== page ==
Proinsulin undergoes maturation into active insulin through the action of cellular endopeptidases known as prohormone convertases ( PC1 and PC2 ), as well as the exoprotease carboxypeptidase E .  The endopeptidases cleave at 2 positions, releasing a fragment called the C-peptide , and leaving 2 peptide chains, the B- and A- chains, linked by 2 disulfide bonds. The cleavage sites are each located after a pair of basic residues (lysine-64 and arginine-65, and arginine-31 and −32). After cleavage of the C-peptide, these 2 pairs of basic residues are removed by the carboxypeptidase.  The C-peptide is the central portion of proinsulin, and the primary sequence of proinsulin goes in the order "B-C-A" (the B and A chains were identified on the basis of mass and the C-peptide was discovered later).
Magnesium is common in diabetes patients. Magnesium may
help oxidizing blood glucose and increase insulin emission as various clinical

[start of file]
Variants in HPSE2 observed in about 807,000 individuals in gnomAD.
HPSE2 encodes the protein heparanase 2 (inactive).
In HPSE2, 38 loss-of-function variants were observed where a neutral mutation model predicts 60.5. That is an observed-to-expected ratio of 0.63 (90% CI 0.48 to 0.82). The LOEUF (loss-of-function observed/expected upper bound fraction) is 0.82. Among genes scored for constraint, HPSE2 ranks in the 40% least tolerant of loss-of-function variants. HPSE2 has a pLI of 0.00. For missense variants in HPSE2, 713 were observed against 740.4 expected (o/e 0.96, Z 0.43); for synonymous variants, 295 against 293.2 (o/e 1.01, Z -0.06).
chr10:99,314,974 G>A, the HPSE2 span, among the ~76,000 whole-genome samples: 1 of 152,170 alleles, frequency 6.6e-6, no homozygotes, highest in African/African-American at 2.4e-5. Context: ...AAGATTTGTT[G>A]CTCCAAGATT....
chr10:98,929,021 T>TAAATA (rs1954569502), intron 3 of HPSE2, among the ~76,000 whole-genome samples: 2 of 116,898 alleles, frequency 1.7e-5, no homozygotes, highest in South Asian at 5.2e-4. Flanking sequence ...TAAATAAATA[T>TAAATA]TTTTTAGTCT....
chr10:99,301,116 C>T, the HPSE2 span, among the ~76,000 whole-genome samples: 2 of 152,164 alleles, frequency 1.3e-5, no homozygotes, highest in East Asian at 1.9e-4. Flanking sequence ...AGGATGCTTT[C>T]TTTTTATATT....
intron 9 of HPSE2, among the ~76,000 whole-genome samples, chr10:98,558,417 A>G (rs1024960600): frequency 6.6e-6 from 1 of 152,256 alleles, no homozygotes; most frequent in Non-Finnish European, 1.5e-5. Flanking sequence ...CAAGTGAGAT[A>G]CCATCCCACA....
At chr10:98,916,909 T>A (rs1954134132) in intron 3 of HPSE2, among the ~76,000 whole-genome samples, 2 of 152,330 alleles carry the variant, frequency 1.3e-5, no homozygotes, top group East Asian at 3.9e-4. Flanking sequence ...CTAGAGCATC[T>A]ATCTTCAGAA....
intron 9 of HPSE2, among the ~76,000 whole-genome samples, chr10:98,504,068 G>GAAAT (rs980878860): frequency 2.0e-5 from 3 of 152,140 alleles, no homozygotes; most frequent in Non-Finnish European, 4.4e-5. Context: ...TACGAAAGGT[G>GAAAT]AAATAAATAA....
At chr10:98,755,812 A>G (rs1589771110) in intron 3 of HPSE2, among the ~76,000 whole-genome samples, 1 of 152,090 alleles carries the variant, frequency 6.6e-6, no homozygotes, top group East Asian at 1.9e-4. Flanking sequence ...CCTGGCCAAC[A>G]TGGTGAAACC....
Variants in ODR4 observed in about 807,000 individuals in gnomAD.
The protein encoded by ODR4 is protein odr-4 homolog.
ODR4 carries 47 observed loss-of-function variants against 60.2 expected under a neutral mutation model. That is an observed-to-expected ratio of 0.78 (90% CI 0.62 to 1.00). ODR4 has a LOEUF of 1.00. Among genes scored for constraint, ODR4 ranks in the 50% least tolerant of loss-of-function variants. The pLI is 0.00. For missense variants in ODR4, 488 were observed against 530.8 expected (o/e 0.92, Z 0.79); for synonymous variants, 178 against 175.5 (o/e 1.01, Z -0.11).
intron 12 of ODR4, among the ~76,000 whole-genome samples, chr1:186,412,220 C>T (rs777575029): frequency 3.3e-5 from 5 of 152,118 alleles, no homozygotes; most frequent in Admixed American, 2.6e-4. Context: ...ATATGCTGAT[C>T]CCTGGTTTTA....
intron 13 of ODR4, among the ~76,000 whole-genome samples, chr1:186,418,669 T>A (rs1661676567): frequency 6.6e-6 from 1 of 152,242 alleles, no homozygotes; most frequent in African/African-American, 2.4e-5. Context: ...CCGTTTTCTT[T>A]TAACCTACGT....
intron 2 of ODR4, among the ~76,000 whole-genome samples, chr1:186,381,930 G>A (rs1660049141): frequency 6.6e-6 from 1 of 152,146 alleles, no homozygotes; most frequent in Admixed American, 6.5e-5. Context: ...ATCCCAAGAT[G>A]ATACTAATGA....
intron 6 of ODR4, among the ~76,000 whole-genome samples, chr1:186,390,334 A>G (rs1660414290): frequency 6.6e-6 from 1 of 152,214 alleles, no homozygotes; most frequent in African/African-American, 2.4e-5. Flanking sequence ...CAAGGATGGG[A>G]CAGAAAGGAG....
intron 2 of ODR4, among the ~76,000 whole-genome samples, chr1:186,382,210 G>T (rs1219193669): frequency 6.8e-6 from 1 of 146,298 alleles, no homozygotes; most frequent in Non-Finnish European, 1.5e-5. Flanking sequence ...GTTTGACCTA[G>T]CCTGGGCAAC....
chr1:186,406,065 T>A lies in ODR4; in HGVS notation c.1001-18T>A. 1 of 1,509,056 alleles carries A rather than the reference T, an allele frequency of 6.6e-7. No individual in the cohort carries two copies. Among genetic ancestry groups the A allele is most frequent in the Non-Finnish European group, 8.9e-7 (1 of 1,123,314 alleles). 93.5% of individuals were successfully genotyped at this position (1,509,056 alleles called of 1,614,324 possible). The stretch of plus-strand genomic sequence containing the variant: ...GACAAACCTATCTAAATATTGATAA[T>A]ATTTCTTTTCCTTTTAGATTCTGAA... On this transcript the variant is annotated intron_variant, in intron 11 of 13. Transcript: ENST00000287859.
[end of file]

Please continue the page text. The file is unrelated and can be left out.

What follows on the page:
studies have reported a
decrease in fasting blood sugar level and increase in insulin after
Vanadium is a trace element that could be an alternative treatment for diabetes as it may help oxidizing blood glucose. Several clinical studies of vanadium have shown decrease in insulin intake and a positive changes in insulin sensitivity with minor side effect in the stomach and intestines.
Deficiency of Vitamin C is common in diabetes patients. Studies have shown that Vitamin C help to improve insulin resistance and glycemic control.